Djokovic Begins Clay Season, Has He Cooled Off? Del Potro Wins in Estoril
by Sean Randall | April 27th, 2011
  • 94 Comments

Almost a month into the 2011 clay court season, tomorrow Novak Djokovic finally makes his debut on the red dirt. As if almost set up like boxing patsies, Djokovic begins his journey to a French Open title in his home event in Belgrade against someone named Adrian Ungur in the second round.

Djokovic of course has been the story of the year winning all 24 matches he’s played and 26 straight including the Davis Cup title in December. But even after that blistering start Rafael Nadal is once again making a charge. And while Djokovic has a hefty lead in the 2011 rankings, Djokovic will have to prevent Nadal from a clay sweep if the Serb wants to stay in the lead entering Wimbledon and the second half of the season.

And as I said earlier, one has to wonder if the three weeks or so away from the tour has cooled Novak off. We likely won’t find out tomorrow or maybe even this week given the relative weakness of the Serbia draw (John Isner, Ernests Gulbis and Juan Monaco all losers today), but we’ll certainly find out next week in Madrid.

As for other happenings, Juan Martin Del Potro made his first clay match in nearly two years a good one. Delpo probably wasn’t his best but still managed to win defeating unknown Pedro Sousa 6-2, 3-6, 6-3 in Estoril. With a strong showing this week and another in Madrid, the 46th-ranked Delpo should get a seed at the French Open next month.

Tomorrow, Delpo meets Alejandro Falla. Robin Soderling is also on against Jeremy Chardy. Should both favorites win they’ll meet Friday in a tasty quarterfinal. JW Tsonga is also on the schedule. Milos Raonic, a winner over Igor Andreev, plays Thursday.

Back in Serbia, Fernando Gonzalez is back from hip surgery and he also got a nice win today.

In Munich, Marin Cilic was a winner but Stan Wawrinka was stunned by German transplant Dustin Brown. Tomorrow in the best match Marcos Baghdatis squares off against the youngest player in the Top 100, 19-year-old Grigor Dmitrov.

WEDNESDAY BELGRADE SCHEDULE

CENTER COURT start 12:00 noon
B Kavcic (SLO) vs R Mello (BRA)

Not Before 2:00 PM
M Berrer (GER) vs [4] A Montanes (ESP)

Not Before 4:00 PM
F Lopez (ESP) vs [WC] F Gonzalez (CHI)

Not Before 8:00 PM
[1] N Djokovic (SRB) vs [Q] A Ungur (ROU)
C Fleming (GBR) / D Martin (USA) vs S Gonzalez (MEX) / I Zelenay (SVK)

WEDNESDAY ESTORIL SCHEDULE

CENTRAL start 11:00 am
[1] A Kleybanova (RUS) vs M Johansson (FRA) – WTA

Not Before 2:00 PM
[1] R Soderling (SWE) vs J Chardy (FRA) – ATP

Not Before 4:00 PM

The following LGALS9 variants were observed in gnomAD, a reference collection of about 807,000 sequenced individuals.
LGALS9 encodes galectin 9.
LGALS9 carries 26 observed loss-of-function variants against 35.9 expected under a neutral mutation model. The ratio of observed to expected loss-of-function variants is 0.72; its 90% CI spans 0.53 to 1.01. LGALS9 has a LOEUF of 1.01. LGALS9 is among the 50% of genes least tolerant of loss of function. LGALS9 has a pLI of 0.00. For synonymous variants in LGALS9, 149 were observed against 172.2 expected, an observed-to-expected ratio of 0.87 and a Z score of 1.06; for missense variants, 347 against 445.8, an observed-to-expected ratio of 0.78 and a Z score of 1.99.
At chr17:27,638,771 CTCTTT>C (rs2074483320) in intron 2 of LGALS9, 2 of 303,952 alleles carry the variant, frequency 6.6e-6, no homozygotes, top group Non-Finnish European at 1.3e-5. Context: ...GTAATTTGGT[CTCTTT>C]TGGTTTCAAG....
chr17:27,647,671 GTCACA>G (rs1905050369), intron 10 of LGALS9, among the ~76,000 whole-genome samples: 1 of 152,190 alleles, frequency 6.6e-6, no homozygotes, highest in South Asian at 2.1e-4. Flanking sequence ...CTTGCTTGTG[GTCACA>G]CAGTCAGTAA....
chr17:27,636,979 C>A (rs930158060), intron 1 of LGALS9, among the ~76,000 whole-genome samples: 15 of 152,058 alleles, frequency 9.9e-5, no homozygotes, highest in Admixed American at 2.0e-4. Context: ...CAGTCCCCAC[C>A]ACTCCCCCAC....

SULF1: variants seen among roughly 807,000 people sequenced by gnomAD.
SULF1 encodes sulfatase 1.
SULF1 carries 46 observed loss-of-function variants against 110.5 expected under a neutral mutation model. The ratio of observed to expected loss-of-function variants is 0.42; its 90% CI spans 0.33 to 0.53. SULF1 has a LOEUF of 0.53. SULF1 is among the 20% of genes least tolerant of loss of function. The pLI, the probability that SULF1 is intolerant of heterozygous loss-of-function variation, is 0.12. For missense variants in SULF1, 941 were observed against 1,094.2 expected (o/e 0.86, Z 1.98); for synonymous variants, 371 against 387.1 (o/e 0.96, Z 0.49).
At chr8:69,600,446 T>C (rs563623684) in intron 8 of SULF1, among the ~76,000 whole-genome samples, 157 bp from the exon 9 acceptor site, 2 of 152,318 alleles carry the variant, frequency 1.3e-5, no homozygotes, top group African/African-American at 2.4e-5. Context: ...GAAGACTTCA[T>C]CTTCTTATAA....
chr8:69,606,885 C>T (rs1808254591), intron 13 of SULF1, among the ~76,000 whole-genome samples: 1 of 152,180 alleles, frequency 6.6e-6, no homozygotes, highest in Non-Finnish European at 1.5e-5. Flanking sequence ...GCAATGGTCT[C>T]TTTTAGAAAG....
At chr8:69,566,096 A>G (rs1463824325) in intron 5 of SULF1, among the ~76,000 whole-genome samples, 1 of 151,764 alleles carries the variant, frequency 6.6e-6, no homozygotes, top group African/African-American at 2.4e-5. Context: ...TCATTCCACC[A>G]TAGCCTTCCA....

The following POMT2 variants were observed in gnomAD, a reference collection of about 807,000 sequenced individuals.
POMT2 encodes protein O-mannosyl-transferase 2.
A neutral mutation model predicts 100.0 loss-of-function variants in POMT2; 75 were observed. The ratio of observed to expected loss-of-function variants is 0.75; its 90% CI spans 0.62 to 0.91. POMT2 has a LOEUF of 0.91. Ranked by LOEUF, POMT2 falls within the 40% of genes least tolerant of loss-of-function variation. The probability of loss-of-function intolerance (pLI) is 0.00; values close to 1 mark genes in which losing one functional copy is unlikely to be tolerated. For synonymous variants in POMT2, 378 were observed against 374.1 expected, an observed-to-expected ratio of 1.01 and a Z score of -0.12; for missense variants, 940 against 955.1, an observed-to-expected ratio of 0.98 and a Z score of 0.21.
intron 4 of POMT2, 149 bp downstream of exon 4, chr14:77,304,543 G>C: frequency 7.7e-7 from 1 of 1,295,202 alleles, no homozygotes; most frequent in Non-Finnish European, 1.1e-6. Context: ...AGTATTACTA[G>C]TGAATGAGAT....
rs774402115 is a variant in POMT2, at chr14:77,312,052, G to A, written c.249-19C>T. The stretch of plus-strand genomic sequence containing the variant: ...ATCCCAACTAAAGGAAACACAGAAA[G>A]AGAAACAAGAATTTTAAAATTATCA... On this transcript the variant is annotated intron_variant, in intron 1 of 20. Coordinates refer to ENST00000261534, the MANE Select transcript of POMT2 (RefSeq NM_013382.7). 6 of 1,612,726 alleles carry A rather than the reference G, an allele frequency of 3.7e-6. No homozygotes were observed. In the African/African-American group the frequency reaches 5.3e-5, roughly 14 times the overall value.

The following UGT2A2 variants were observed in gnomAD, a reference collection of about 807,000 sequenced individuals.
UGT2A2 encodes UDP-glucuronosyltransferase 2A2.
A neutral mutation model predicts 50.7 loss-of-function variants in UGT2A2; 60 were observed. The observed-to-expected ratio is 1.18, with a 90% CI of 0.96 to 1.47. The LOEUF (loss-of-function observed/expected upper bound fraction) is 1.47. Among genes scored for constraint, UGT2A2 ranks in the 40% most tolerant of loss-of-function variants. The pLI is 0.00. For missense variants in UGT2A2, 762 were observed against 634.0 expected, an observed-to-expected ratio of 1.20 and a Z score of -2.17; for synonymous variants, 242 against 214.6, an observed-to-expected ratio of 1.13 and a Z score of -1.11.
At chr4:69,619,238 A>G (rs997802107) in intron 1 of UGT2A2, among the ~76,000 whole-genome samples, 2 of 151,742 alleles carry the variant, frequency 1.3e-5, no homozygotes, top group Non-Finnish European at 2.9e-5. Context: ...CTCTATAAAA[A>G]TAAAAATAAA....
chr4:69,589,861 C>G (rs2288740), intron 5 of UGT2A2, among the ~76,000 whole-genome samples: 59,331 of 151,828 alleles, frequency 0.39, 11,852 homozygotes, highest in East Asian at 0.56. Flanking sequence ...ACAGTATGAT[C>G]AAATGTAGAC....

A Falla (COL) vs [8] J Del Potro (ARG) – ATP

Not Before 5:30 PM
[3] E Butorac (USA) / J Rojer (AHO) vs F Gil (POR) / L Tavares (POR) – ATP

CENTRALITO start 11:00 am
A Kudryavtseva (RUS) vs R Oprandi (ITA) – WTA

Not Before 12:30 PM
[Q] E Roger-Vasselin (FRA) vs [6] T Bellucci (BRA) – ATP

Not Before 2:30 PM
[3] [WC] J Tsonga (FRA) vs P Cuevas (URU) – ATP


Also Check Out:
Del Potro Withdraws From Estoril
Soderling v. Del Potro in Heavyweight Estoril Battle; Djokovic Eyes No. 28
Roger Federer Putting in the Not So ‘Hard Yards’ in Estoril
Del Potro Dominant In Clay Opener; Tomic, Cilic, Haas On Court Friday In Munich
Marquee Clay Schedules: Where Will Nadal, Djokovic, Federer And Murray Be Playing The Next Six Weeks

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94 Comments for Djokovic Begins Clay Season, Has He Cooled Off? Del Potro Wins in Estoril

grendel Says:

Dimitrov one set all with the Bag, 3-1 up in 3rd, and also 30-0 on Baggy’s serve. Kimmi – your faith justified? Will Dimitrov keep his head. The bag’s tougher than he sometimes appears, and I don’t think he’ll give it to young Dimitrov. But, wow!


grendel Says:

Ho, ho1 Dimitrov held his nerve and broke again. 4-1. And he to serve. Surely, surely.. Nope, no surely’s in this bitter world…


grendel Says:

Dimitrov 5-1. Surely now it is time for surely? Nope, never time for surely.


grendel Says:

Baghdatis holds! Start of a mighty comeback?


grendel Says:

grigor 30-love up as he serves for the match.

Time for the Bag to make his move…


grendel Says:

30-15! The Bag has awoken! Woe, Woe!


grendel Says:

temporary setback to Baggy has Grigor claws back a point – and it’s match point.


grendel Says:

Dimitrov’s done it! He has confounded the gods, the gremlins and even the Bag! Well done, me lad, buy you a drink..